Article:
Is Pandora's box really the origin of all evil? Think again

We have the story of Pandora from two 7th-century BC poems by Hesiod. But some things have been lost in translation
November 9, 2020

Pandora: you know the one. The first woman. The one who opens her box, letting all the evils of the world fly out of it. And what’s left in the box after everything else has escaped? Hope.

I’ve been thinking a bit about Pandora recently. Partly because she gives her name to Natalie Haynes’s wise new book about women in the Greek myths, Pandora’s Jar. Partly because I’ve rewritten her story for a book of my own, coming next year.

Hers is a fun story (especially if you are not a woman) but, as Haynes points out, the received version of it is a bit off-kilter. The box isn’t a box, for a start. In the original Greek, it’s a jar—think of one of those big terracotta storage jars. Haynes points out how this seemingly small distinction makes a real difference to the tone of the story. Locked boxes seem mysterious. Perhaps they contain secrets, treasure or jewels. Dante Gabriel Rossetti made a wonderful painting of Pandora using the heavy-browed, languid-mouthed Jane Morris as his model. In it she hugs a carved box to herself, about to open it. And how could she not? It looks irresistible. A jar, though: that’s something more workaday. A person would have every reason to open a storage jar. You’d reasonably expect it to contain useful things: grain, or oil.

We have the story of Pandora from two 7th-century BC poems by Hesiod: Works and Days and Theogony. The former is a kind of poetic farming manual, with homespun advice mixed in with mythical stories; the latter, an account of the origins of the world.

The stories he tells of Pandora are quite odd, when looked at coolly. She is created as a punishment to mankind, after Prometheus steals Zeus’ godly fire to give to humans, and is sent to Prometheus’s brother, Epimetheus. He forgets his brother’s advice never to accept a gift from the king of the gods, lest it be not quite benign.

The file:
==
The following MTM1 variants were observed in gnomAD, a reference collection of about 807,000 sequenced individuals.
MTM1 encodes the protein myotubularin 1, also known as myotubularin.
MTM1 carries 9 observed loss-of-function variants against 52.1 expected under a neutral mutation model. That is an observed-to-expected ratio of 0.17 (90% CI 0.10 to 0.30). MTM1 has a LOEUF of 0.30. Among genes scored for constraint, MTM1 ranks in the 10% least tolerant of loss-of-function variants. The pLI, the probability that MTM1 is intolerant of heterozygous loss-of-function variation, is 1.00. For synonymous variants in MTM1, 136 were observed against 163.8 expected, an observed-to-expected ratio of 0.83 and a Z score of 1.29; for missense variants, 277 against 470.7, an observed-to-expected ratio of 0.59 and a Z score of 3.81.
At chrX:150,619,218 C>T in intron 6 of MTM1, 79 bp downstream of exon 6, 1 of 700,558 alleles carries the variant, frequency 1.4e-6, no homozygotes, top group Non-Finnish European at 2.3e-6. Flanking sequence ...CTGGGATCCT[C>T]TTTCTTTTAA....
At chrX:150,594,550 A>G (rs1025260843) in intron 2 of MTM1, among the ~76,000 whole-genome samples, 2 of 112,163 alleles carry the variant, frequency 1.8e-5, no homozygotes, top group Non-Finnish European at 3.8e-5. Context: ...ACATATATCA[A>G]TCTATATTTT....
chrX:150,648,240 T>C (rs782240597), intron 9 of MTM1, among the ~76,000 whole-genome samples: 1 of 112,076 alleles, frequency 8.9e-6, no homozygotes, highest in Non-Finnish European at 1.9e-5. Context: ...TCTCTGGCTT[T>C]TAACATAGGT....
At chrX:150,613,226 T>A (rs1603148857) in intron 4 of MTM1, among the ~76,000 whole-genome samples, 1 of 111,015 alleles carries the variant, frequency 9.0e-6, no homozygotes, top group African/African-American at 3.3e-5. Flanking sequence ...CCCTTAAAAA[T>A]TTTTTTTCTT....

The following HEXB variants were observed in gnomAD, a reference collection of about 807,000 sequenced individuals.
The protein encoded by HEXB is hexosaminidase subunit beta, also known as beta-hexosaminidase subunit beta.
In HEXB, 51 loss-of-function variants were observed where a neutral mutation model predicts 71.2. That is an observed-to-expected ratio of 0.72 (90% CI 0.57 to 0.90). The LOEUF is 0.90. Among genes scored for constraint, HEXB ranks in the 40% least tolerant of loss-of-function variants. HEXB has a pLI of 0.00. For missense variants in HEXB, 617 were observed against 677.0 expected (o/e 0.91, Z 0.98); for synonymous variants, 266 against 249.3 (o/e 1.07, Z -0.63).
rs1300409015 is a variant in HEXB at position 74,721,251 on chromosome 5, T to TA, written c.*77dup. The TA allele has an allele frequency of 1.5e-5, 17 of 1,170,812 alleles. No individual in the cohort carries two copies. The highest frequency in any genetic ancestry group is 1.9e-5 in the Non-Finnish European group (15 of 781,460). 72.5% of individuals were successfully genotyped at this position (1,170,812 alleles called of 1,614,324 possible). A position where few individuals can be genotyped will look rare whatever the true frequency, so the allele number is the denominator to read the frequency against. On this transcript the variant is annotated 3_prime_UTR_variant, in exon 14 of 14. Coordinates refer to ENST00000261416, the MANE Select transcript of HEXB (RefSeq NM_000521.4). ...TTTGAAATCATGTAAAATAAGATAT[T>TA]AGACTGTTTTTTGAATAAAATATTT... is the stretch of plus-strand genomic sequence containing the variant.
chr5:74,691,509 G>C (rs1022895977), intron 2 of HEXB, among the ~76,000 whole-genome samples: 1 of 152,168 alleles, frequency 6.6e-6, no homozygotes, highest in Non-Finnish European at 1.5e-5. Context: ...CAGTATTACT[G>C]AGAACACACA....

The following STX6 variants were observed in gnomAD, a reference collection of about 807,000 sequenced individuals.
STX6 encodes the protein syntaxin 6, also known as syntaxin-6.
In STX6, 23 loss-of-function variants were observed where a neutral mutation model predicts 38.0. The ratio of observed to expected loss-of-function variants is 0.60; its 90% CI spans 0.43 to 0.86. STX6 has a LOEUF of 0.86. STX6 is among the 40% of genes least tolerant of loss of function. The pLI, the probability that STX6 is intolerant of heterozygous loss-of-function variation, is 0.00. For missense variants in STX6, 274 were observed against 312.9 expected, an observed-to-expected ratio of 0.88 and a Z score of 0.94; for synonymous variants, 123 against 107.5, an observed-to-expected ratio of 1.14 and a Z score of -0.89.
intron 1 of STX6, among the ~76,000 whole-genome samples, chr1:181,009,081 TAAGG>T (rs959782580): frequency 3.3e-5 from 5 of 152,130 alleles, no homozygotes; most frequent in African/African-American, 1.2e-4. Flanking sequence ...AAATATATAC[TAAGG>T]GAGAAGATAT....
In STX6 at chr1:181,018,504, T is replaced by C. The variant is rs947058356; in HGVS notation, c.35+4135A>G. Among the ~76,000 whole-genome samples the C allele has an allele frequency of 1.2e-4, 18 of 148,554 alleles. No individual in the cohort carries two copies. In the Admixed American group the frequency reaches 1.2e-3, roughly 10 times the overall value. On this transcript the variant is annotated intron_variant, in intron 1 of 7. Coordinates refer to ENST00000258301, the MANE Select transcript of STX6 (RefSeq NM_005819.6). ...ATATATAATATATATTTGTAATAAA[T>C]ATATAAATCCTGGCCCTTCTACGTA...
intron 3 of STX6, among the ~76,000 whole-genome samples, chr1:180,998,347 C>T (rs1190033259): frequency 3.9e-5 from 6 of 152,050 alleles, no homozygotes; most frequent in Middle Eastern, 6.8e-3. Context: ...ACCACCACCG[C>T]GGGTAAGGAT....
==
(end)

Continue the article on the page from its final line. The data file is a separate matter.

The jar, in Hesiod’s stories, comes out of nowhere; there’s no explanation or context. Unanswered questions include: does it arrive with her? Is it owned by Epimetheus? And why does hope stay under the lip when everything else escapes? That always used to bug me as a child: surely we do have hope, and we can’t have hope if it is still stuck in Pandora’s box, or jar. In Greek, the word is elpis. Some scholars wonder whether the force of it here is better expressed as “expectation” than “hope.” Maybe the idea is that humans lack a reasonable sense of the future, which would certainly explain our inability to deal with the climate crisis.

Haynes is very good at examining the story, pointing out that the blame for the whole evils-escaping-into-the-world thing could be placed at Zeus’ door, or Prometheus’, or Epimetheus’, as much as at Pandora’s. And Pandora is splendid: she is given a wonderful gown and garlands of flowers and jewels. Nevertheless, all that loveliness seems only the wrapping for evil. If you want a foundational, straight-down-the-line, misogynist myth with vast cultural power, look no further.

It’s the sort of story that makes me want to turn immediately to the lines in Euripides’ play Medea, in which the chorus of women imagine a topsy-turvy world where rivers flow backwards, a woman’s life will shine with glory, and the muses will silence the old songs that tell of female treachery.